Tom Sowanick is co-president and chief investment officer of Omnivest Group, Princeton, N.J.

The fact that 10-year Treasury yields fell below 2 percent and reached their lowest levels since 1954 may have less to do about economic fundamentals and more to do with who owns what.

While there is growing concern that the U.S. is heading quickly towards another recession, seeing the European banking system under siege and sovereign debt bailout programs unravel, we must not lose sight that Treasury yields have been artificially lowered by the massive buying program of the Federal Reserve associated with QE2.

And while there is no question that the U.S. economy is in a soft patch, we should not over interpret what the bond market is saying about forward economic activity. It should be clear to most economists that holding interest rates at zero distorts all market relationships.
With the U.S. deficit nearing 10 percent of GDP, it is difficult to embrace the fact that 10 year yields are at the lowest levels since the 1950’s, that yields fully incorporate the seriousness of our fiscal deficit, and Bernanke’s statement that inflation may be “transitory”.

What may even be more difficult to understand is why so many economists have yet to adjust their view on the meaning of interest rate levels to reflect the distortions brought about by quantitative easing.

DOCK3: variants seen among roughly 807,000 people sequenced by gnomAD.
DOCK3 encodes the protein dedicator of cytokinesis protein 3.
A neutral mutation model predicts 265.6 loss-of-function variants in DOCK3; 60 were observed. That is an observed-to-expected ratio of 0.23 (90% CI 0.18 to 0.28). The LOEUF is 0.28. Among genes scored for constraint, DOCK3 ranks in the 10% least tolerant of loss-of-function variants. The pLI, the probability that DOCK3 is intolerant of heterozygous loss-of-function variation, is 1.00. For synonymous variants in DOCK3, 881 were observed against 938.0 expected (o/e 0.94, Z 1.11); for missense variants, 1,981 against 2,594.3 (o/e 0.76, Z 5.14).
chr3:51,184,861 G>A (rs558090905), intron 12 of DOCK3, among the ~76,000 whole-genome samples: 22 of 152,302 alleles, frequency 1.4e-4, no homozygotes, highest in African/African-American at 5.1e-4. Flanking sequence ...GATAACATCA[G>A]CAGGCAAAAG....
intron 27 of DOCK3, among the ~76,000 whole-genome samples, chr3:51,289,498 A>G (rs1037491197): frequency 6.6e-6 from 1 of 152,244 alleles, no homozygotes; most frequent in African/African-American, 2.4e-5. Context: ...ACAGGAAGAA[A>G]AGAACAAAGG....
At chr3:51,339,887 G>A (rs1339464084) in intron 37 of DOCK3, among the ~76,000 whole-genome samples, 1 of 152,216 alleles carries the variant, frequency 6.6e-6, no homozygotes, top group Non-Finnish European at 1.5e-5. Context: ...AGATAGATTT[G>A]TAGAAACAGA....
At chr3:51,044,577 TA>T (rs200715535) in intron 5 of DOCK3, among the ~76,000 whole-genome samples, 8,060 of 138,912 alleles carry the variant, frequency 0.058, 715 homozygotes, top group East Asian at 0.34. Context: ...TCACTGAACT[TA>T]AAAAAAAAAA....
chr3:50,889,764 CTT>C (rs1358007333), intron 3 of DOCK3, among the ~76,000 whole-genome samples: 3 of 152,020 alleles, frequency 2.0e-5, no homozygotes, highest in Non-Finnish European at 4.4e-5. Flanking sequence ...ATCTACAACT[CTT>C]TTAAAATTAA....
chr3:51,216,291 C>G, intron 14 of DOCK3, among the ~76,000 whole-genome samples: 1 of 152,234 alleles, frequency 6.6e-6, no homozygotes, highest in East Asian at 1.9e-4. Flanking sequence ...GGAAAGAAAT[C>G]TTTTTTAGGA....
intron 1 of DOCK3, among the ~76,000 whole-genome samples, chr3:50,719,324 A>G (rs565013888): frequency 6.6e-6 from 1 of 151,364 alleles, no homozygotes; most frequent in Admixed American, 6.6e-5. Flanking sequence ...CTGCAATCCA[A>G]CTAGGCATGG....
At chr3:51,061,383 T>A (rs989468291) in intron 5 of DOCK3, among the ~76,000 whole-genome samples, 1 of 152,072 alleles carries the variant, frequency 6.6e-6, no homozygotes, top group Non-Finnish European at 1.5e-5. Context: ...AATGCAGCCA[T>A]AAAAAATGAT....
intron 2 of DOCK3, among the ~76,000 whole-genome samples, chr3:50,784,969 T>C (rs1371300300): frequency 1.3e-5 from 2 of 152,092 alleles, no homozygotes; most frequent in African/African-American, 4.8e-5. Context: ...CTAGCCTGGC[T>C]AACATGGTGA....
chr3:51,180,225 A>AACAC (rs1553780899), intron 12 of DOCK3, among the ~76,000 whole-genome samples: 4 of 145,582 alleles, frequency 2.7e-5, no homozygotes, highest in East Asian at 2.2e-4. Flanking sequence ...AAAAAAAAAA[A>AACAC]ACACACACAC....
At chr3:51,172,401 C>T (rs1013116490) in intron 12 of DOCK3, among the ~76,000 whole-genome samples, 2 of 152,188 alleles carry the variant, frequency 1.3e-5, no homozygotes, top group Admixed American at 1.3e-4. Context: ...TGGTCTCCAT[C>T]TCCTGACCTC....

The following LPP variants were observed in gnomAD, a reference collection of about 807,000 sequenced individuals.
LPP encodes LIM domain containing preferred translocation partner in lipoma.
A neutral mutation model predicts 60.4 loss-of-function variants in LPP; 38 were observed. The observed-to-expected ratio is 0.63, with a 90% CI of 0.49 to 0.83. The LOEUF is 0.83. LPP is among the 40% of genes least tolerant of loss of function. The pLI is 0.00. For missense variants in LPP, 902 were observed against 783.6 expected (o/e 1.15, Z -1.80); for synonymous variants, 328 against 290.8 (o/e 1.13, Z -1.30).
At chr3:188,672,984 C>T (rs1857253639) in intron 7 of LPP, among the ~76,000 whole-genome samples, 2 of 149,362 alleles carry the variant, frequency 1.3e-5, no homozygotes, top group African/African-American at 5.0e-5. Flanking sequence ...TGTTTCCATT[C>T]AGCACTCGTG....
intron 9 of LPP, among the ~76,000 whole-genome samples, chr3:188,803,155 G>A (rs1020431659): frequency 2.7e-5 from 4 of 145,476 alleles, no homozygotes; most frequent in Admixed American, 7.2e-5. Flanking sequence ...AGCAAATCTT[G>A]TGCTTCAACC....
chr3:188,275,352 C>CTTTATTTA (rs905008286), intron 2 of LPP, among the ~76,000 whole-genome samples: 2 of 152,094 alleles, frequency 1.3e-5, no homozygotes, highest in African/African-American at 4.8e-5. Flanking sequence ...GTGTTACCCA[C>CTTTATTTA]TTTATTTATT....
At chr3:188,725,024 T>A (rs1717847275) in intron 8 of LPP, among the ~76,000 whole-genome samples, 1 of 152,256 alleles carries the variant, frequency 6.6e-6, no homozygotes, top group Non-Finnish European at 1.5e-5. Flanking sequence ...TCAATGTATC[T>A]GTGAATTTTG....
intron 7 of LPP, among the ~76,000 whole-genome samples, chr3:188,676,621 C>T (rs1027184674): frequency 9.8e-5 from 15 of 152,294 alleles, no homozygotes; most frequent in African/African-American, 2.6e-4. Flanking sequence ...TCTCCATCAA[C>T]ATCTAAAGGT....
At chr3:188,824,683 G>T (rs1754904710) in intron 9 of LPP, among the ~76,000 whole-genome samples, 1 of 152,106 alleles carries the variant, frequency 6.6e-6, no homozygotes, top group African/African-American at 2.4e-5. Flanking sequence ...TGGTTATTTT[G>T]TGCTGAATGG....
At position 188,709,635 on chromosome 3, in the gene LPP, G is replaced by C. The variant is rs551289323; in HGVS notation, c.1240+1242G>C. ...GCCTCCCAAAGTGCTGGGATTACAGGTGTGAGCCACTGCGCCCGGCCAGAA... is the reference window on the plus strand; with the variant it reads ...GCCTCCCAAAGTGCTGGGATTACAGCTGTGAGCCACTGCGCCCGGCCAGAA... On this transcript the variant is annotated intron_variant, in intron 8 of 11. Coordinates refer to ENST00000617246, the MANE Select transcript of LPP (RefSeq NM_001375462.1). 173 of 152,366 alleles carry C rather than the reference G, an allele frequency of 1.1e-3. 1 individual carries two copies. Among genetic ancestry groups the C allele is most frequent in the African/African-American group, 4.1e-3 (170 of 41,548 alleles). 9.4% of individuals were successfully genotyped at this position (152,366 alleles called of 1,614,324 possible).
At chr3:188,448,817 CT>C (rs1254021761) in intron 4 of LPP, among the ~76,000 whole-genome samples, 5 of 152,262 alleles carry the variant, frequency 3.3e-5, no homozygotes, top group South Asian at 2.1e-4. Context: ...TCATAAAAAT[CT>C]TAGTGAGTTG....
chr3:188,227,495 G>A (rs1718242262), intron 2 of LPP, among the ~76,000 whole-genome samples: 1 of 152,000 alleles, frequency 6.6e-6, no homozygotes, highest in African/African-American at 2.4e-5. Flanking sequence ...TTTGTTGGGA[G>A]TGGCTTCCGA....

Regardless, fixed income investors are saddled with the dilemma when trying to reach for yield in an ultra low rate environment which places their portfolio in harm’s way when interest rate correction may occur. And while we have eschewed owning Treasury securities for the past 2 years, we see no reason to want to get into the chase of grasping for the last bit of yield in the Treasury market.

Rather, we will continue to hold fast to our corporate allocations, high-yield and private label mortgages.

Our zero interest rate policy and increasing potential for other central banks to start reversing interest rate increases should make investing in risk assets attractive, once again. In the fixed income markets, we prefer lower quality sectors in the corporate and mortgage bond markets. Low quality municipals are also beginning to look attractive but could face downward pressure from rating changes.

Without a doubt, equities are attractive and may even offer sufficient yield to begin to entice fixed income investors into the dividend yield of the equity market.

The dividend yield of the S&P 500 Index is 2.3 percent which compares quite favorably to the 1.1 percent yield of the government bond market and is also competitive to the 3.0 percent yield of the 1-10 year investment grade corporate bond market.

However, until positive price action is restored to the equity market and economic data shows positive momentum, it will be a difficult sell to convince investors to shift out of fixed income and into equities. Often, in times like these, investors are rewarded for taking such bold actions - even if it may feel premature.